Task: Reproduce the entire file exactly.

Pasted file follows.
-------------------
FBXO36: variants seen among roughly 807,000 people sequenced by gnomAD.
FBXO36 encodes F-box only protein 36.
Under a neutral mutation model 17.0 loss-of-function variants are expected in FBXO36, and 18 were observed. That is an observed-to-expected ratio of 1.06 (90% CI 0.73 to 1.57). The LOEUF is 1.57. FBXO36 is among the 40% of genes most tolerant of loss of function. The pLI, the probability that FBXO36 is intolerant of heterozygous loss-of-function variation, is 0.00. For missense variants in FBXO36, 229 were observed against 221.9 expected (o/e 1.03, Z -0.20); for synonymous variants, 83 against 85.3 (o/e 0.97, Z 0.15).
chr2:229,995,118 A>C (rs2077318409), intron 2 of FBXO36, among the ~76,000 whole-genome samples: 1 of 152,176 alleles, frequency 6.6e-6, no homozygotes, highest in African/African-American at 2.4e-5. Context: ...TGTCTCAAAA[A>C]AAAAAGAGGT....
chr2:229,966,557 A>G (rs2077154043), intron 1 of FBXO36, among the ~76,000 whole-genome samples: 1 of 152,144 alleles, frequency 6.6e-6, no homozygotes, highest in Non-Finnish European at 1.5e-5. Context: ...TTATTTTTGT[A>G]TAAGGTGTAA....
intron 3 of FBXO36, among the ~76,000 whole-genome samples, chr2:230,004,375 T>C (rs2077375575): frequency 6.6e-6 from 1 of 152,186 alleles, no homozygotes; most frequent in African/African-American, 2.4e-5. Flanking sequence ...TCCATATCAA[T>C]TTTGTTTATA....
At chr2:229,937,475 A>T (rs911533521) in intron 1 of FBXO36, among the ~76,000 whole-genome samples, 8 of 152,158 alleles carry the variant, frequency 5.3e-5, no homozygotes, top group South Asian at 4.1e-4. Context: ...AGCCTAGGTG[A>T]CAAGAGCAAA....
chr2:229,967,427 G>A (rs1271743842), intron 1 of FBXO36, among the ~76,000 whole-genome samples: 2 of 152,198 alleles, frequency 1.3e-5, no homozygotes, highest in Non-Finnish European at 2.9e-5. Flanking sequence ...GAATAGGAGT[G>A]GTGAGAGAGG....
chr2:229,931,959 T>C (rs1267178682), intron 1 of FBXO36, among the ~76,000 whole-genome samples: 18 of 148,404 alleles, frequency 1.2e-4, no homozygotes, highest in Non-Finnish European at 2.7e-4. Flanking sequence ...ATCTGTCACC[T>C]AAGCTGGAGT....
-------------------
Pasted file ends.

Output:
FBXO36: variants seen among roughly 807,000 people sequenced by gnomAD.
FBXO36 encodes F-box only protein 36.
Under a neutral mutation model 17.0 loss-of-function variants are expected in FBXO36, and 18 were observed. That is an observed-to-expected ratio of 1.06 (90% CI 0.73 to 1.57). The LOEUF is 1.57. FBXO36 is among the 40% of genes most tolerant of loss of function. The pLI, the probability that FBXO36 is intolerant of heterozygous loss-of-function variation, is 0.00. For missense variants in FBXO36, 229 were observed against 221.9 expected (o/e 1.03, Z -0.20); for synonymous variants, 83 against 85.3 (o/e 0.97, Z 0.15).
chr2:229,995,118 A>C (rs2077318409), intron 2 of FBXO36, among the ~76,000 whole-genome samples: 1 of 152,176 alleles, frequency 6.6e-6, no homozygotes, highest in African/African-American at 2.4e-5. Context: ...TGTCTCAAAA[A>C]AAAAAGAGGT....
chr2:229,966,557 A>G (rs2077154043), intron 1 of FBXO36, among the ~76,000 whole-genome samples: 1 of 152,144 alleles, frequency 6.6e-6, no homozygotes, highest in Non-Finnish European at 1.5e-5. Context: ...TTATTTTTGT[A>G]TAAGGTGTAA....
intron 3 of FBXO36, among the ~76,000 whole-genome samples, chr2:230,004,375 T>C (rs2077375575): frequency 6.6e-6 from 1 of 152,186 alleles, no homozygotes; most frequent in African/African-American, 2.4e-5. Flanking sequence ...TCCATATCAA[T>C]TTTGTTTATA....
At chr2:229,937,475 A>T (rs911533521) in intron 1 of FBXO36, among the ~76,000 whole-genome samples, 8 of 152,158 alleles carry the variant, frequency 5.3e-5, no homozygotes, top group South Asian at 4.1e-4. Context: ...AGCCTAGGTG[A>T]CAAGAGCAAA....
chr2:229,967,427 G>A (rs1271743842), intron 1 of FBXO36, among the ~76,000 whole-genome samples: 2 of 152,198 alleles, frequency 1.3e-5, no homozygotes, highest in Non-Finnish European at 2.9e-5. Flanking sequence ...GAATAGGAGT[G>A]GTGAGAGAGG....
chr2:229,931,959 T>C (rs1267178682), intron 1 of FBXO36, among the ~76,000 whole-genome samples: 18 of 148,404 alleles, frequency 1.2e-4, no homozygotes, highest in Non-Finnish European at 2.7e-4. Flanking sequence ...ATCTGTCACC[T>C]AAGCTGGAGT....